Antitrust (US, 2001)

Great premise: Bill Gates is force for evil and open source should rule OK. And wrap up the message in a thriller format then you’ve a winner except this isn’t very thrilling. Phillipe’s lightweight (better in Crash) and the direction’s lacklustre. Robbins is suitably charming-evil but he does get his comeuppance to tad easily (handcuffs!?). (DVD)

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Dumplings (Hong Kong, 2004)

I’m not sure why I didn’t like this more. Great premise delivered in a suitably understated way (well, mostly). Somehow didn’t convince me.  (DVD)

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House of Sand and Fog (US, 2003)

Interesting premise but loses itself in a overblown (I know it is a melodrama but…). Good performances; maybe it’d’ve been more convincing if we had more of Connelly’s back story. (OAR)

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3 Iron (Korea, 2004)

This director (Ki-duk Kim) is brilliantly because he does strange things (the protagonists don’t speak in this film!) and makes it work brilliantly. (DVD)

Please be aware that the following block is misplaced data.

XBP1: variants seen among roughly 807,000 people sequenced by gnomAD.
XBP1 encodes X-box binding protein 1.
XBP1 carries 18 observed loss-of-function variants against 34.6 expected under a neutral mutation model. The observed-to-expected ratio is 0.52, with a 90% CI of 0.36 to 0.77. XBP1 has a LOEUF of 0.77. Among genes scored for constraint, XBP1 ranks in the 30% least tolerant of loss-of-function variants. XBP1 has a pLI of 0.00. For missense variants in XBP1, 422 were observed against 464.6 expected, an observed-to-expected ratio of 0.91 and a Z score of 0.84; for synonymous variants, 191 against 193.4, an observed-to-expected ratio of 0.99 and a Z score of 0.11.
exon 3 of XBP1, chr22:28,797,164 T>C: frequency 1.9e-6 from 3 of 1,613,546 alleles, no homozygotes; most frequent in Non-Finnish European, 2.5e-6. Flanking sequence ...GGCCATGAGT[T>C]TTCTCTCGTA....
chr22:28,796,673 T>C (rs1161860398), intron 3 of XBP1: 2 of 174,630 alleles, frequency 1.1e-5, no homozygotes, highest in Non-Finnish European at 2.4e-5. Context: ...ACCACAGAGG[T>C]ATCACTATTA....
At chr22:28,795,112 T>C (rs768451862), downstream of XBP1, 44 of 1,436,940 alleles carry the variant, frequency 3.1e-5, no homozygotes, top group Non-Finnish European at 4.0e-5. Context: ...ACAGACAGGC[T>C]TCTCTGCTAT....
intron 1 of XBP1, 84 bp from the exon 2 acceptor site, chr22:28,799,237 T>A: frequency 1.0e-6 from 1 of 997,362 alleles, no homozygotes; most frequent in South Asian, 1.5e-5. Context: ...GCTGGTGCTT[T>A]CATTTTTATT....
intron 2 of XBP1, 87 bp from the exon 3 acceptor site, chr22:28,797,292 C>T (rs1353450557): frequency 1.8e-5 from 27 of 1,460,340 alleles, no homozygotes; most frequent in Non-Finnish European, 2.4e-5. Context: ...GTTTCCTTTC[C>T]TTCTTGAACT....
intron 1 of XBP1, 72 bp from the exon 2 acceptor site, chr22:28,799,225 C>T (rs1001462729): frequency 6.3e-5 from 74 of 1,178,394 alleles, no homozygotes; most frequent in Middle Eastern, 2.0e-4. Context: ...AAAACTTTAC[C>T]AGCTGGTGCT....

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Memories of Murder (Korea, 2003)

Brilliant deconstruction of the cop genre (two contrasting cops (town & country) investigating a serial killing) that mixes black comedy, slapstick humour and beautiful compositions. (DVD)

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Cradle Will Rock (US, 1999)

American politics can be despairing (unless you’re a right wing ideologue) but films like this show there is hope. The right wing idea of the Land of the Free is a joke (it’s a myth for capitalists to exploit) and Robbins’ film brilliantly evokes the tensions engendered during the Great Depression by yoking an all-star cast to an all-big name historical characters narrative.

Socialist, also, in its ensemble way of telling the story. Genius. (DVD, 2)

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Very Bad Things (US, 1998)

Brilliant and subversive movie. Christian Slater reprising a Heathers-type role; he slowly unhinges brilliantly. And the way the narrative incorporates the Cameron Diaz character into the madness is brilliant. An attack on America(n mores). DVD, 2

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